Reeder also co-wrote 'The Rock Around' with Peek and played piano on it, Peek's first solo single for the NRC label. (This was also said to have launched the first incarnation of the National Recording Corporation.)

Big Joe Turner is said to have taken Reeder to record with Allen Toussaint for Joe Banashak's Minit Records in New Orleans. Banashak was looking for a smoother groove, and consequently much of Reeder's best, raw-edged Minit material was never released; he was using the name Eskew Reeder, and the singles released in 1962 were 'Green Door'/'I Waited Too Long' and 'Never Again'/'We Had Love'. In 1963 he released 'The Flu'/'Undivided Love' and 'I Woke Up This Morning'/'I Woke Up This Morning Part Two' on Instant, another New Orleans label, now calling himself Eskew Reeder Jr. The same year there was another single, 'A Tear'/'Johnny Little' on Everest, and he recorded for Berry Gordy in Detroit, but nothing was ever released. Around 1964 he contributed piano work to a Vee-Jay album of remakes of Little Richard's greatest hits, playing alongside Jimi Hendrix. In 1965, Herb Abramson (one of the founders of Atlantic Records) supervised a session for the Triumph label, but the material wasn't released until it finally surfaced on a Bear Family CD from Germany called Sock It To Me Baby.

The next stop was Columbia's Okeh Records, where there were two more singles as S.Q. Reeder: 'I Want To Know'/'Just In Time' and 'Tell The World About You'/'Two Ton Tessie'. He also played piano on some of Little Richard's studio material (Richard was also on Okeh at the time). Another single was 'Dew Drop Inn'/'You Better Believe In Me' made for for Cross-Tone, another Columbia label, in 1967 as Eskew 'Esque-Rita' Reeder. Changing his name to The Magnificent Malochi, Reeder signed with Brunswick in 1968 (once again following close behind Little Richard). One single, 'As Time Goes By'/'Mama, Your Daddy's Come Home', featuring Dr. John on organ, and another composition recorded by Little Richard, 'Stingy Jenny', resulted.

Then he began to fade from the scene. According to an interview with Billy Miller and Miriam Linna in the ReSearch book Incredibly Strange Music, Reeder occasionally performed at African-American gay clubs under the name Fabulash during the 1970s. He was eventually tracked down by a writer for Kicks magazine in 1983 or '84, who found him performing in second-rate New York City clubs. According to an article ('Who Was Esquerita?') by music historian Johnny Carter in an international oldies magazine, Bill Lowery, who had founded the National Recording Corporation in Atlanta in 1958 and was involved in the Peek sessions, was approached by Reeder on the street in New York in 1985 after a conference at BMI. Lowery confirmed that Reeder was down on his luck and working as a parking lot attendant, but was still as flamboyant as ever. It's said that he spent some time in jail at Rikers' Island under the name Mark Malochi. A few months before his death he was seen washing windshields for tips at an intersection in Brooklyn.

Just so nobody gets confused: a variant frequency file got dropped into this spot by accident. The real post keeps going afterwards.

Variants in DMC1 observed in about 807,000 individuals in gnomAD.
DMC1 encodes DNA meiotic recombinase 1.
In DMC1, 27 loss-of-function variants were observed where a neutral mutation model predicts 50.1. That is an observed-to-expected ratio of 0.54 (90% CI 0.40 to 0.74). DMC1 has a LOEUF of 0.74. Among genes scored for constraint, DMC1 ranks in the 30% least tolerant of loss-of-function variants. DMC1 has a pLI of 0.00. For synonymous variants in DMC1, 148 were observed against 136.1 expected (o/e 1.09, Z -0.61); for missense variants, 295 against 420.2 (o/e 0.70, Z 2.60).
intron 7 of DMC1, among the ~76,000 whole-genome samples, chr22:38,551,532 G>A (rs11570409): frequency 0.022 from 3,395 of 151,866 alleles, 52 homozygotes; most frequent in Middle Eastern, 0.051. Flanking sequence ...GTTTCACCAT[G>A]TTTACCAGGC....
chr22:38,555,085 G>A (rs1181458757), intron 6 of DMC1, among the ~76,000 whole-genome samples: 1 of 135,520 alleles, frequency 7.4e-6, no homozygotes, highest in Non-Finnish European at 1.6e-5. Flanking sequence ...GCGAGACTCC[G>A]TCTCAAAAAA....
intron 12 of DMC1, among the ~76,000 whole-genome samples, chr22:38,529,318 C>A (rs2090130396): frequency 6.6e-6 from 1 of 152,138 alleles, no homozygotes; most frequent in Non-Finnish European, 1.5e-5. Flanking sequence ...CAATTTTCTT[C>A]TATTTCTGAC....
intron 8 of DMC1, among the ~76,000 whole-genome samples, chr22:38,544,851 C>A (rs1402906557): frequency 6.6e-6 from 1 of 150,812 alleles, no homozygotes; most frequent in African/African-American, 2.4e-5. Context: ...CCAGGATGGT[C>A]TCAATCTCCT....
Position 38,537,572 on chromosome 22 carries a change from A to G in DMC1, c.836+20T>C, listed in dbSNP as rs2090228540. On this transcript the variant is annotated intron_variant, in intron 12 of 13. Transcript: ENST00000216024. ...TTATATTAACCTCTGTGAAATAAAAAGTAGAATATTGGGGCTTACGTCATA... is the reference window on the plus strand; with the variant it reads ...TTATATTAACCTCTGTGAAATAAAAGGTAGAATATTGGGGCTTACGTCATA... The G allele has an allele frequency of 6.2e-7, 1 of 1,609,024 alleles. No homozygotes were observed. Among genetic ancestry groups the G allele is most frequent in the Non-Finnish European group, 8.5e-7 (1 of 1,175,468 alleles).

Compilations and reissues in various countries have included I Never Danced Nowhere! on Charly in 1990 (the 1962 New Orleans tracks), Sock It To Me Baby '94 on Bear Family (the Abramson/Triumph tracks from 1965), and Vintage Voola on Norton '97 (pre-Capitol tracks, presumably the demos, including the Paul Peek single). The original capitol album has been reissued several times; then a Best Of Esquerita in France '78 was said to collect all 28 Capitol tracks on two LPs; A French Fan Club label, an offshoot of the French indie New Rose, compiled all 28 Capitol tracks in a two-disc vinyl set in '89 called Believe Me When I Say Rock & Roll Is Here to Stay; this was available on CD as Capitol Collectors Series: Esquerita '90 and more recently on Collectables as Believe Me When I Say Rock & Roll Is Here to Stay. Ian Cranna wrote in Q:

Esquerita may not have been a particularly memorable writer nor did he have such a dramatic, swooping vocal range as his famous pupil, Little Richard, but there's an infectious raw Rhythm And Blues energy in his playing and pleasing vitality in his gruffer, more soulful vocals that sounds much less time-warped than a lot of other early rock'n'roll. Nor is it all frantic hammering and hollering--there's slower material and plenty of other instrumentation featured here too, all of which make this set thoroughly enjoyable in its own right.